Students interested in winter layering and proper packing for day and multi-day backpacking trips were able to learn more about the subject Monday through an event hosted by WKU’s Outdoor Recreation Adventure Center aimed towards beginners, seasoned hikers and backpackers alike.
ORAC also discussed the ABC’s of backpacking and the essentials for a day hike.
Haley Gouine, a graduate assistant for ORAC, began the meeting by discussing why proper layering is so important.
“The benefits of layering are that you can always take off and put on and it’s good for insulating,” Gouine said. “Taking it back to physics, we layer to trap heat inward to our body.”
Gouine emphasized the importance of fabrics when thinking of layering, and said moisture-wicking or water resistant-fabrics are the sort of materials hikers and backpackers should focus on when shopping for layers.
Gouine went through the three systems of layering, and said they are the base layer, the mid layer and the outer shell.
She said the base layer is predominantly for moisture wicking, while the mid and outer layers serve as insulation and protection from the elements.
“The mid layer is key to staying warm,” Gouine said. “It’s our insulating layer and it’s going to keep everything nice and tucked into our body.”
Gouine explained the most ideal clothing for the mid layer during cold temperatures is a down filled jacket, despite the downsides to the fabric which include the material not being water resistant and ethical concerns.
“Some companies that produce down jackets are not producing them ethically, so they don’t go through ethical procedures to pluck the feathers from whatever bird they’re using for down,” Gouine said. “That’s something to keep in mind if you’re passionate about items being vegan friendly and certified trade.”
For those concerned with the ethics of down jackets, Gouine said that synthetic down has the same insulating power of a down jacket.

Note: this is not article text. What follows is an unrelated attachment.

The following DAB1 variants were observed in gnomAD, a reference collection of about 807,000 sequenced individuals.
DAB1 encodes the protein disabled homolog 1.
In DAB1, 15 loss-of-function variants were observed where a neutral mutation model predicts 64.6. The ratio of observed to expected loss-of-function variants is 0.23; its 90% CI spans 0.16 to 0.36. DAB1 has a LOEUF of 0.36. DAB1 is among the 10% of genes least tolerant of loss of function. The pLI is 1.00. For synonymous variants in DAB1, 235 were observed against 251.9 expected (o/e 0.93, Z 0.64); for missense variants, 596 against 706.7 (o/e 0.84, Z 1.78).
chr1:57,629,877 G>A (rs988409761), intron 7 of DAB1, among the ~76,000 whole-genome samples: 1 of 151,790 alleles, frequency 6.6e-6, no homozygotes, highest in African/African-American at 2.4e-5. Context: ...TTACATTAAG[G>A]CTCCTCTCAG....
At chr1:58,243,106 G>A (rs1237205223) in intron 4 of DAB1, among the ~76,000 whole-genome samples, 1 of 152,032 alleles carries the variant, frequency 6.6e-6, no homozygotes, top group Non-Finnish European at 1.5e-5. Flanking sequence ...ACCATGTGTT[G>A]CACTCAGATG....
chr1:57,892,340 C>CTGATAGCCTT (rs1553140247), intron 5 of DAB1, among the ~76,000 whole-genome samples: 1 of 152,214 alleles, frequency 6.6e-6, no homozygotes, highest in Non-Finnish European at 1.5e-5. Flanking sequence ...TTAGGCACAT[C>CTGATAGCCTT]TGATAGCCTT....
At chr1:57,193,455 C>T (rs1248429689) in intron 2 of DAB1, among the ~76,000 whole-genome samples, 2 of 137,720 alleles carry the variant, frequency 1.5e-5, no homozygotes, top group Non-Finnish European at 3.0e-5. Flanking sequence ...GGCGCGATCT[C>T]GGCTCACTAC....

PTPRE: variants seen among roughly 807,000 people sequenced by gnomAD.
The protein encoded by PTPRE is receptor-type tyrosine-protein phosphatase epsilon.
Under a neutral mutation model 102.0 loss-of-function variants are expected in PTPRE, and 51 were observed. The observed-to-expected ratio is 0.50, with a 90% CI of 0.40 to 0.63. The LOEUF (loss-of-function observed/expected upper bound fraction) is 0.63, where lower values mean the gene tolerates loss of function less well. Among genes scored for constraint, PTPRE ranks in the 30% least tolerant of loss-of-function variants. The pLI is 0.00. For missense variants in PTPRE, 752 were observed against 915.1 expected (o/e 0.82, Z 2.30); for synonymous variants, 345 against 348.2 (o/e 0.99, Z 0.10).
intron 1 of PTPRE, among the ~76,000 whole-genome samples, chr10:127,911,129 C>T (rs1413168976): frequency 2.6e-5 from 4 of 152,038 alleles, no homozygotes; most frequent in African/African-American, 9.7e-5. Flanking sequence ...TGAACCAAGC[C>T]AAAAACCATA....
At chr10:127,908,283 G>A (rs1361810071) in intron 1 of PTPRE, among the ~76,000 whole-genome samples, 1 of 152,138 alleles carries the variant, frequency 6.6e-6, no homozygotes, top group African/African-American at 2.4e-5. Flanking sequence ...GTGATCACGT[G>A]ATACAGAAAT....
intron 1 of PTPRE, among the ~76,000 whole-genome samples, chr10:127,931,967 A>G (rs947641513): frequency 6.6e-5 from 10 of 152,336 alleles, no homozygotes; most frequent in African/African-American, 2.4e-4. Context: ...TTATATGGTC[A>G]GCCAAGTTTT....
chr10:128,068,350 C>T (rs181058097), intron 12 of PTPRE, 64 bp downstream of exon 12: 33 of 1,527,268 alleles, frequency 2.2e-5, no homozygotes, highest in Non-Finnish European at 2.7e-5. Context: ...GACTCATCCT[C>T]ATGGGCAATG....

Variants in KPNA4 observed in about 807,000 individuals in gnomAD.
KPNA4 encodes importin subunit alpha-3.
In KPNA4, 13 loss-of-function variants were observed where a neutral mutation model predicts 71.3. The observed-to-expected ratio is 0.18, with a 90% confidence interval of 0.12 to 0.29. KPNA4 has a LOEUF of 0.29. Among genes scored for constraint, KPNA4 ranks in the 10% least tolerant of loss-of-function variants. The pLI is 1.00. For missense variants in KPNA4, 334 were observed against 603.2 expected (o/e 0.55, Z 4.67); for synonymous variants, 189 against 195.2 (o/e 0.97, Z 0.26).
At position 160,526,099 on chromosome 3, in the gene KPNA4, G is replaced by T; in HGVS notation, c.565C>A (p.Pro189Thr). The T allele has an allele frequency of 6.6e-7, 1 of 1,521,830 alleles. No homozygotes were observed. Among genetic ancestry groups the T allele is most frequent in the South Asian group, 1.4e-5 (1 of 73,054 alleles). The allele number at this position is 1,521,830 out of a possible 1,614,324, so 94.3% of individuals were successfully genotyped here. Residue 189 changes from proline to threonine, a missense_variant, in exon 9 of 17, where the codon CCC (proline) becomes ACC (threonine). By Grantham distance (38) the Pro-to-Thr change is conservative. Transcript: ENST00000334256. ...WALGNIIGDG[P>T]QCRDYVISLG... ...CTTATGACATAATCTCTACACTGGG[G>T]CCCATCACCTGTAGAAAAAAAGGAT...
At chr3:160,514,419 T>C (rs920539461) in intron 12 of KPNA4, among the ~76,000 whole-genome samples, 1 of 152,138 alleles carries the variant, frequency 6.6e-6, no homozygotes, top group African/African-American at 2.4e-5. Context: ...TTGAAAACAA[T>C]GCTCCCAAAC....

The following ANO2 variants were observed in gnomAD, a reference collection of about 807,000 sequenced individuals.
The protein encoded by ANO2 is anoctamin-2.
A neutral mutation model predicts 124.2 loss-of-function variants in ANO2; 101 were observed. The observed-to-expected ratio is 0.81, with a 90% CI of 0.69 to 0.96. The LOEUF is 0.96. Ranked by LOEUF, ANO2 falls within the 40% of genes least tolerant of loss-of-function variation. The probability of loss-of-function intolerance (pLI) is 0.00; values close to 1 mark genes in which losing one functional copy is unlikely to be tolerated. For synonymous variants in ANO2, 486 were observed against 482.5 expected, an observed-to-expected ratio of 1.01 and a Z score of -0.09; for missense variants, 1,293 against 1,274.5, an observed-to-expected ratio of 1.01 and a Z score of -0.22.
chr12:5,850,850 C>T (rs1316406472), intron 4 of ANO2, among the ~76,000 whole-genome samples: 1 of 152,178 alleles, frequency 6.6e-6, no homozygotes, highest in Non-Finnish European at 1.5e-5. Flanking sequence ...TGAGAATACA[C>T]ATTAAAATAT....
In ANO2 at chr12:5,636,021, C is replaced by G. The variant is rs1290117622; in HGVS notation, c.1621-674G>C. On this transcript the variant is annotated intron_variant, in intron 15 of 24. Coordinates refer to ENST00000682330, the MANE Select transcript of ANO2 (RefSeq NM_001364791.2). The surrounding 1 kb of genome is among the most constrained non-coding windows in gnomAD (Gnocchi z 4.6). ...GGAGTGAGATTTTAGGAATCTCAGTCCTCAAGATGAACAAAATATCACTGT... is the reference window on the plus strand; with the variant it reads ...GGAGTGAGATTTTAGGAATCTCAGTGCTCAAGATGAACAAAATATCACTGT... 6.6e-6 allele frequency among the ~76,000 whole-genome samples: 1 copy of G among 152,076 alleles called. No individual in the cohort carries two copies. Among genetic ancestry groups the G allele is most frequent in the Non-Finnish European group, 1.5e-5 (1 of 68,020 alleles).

Gouine also emphasized the importance of layering on the feet.
“Don’t forget to insulate your feet. A nice, thick, wool sock goes a long way,” she said.
Something that is as equally important to outdoor activities such as hiking, and backpacking is knowing how to properly pack a backpack, a process that Chloe Cooper, a trip leader for ORAC, explained in detail at the meeting.
“Pack your backpack like a burrito, so it’s all evenly distributed,” Cooper said. “Have your heavy stuff by the base of your spine rather than being too heavy to prevent being unbalanced.”
Cooper then applied the ABC’s of backpacking to the packing process. She explained understanding the way accessibility, balance, compression, deformities and the concept of food over fuel will make the backpack more organized.
“You don’t want to be digging through your dirty underwear to get to your rain jacket,” Cooper said.
The meeting was then turned over to ORAC trip leader Tatum McClure, who spoke briefly about the essentials for a day hike.
Although McClure said she doesn’t get hungry on her hikes, a pre-made lunch or snacks are one of the first essentials she suggested packing for day hike. McClure said she also includes a water bottle, sunscreen, hand sanitizer, a jacket and a small First Aid Kit in her backpack.
McClure suggested bringing a map and a headlamp just in case something was to go wrong.
“A supportive backpack is key.” McClure said. “The longer you go, the more back pain you’re going to have.”
News reporter Abbigail Nutter can be reached at 270-745-6011 and [email protected] her on Twitter at @abbeynutter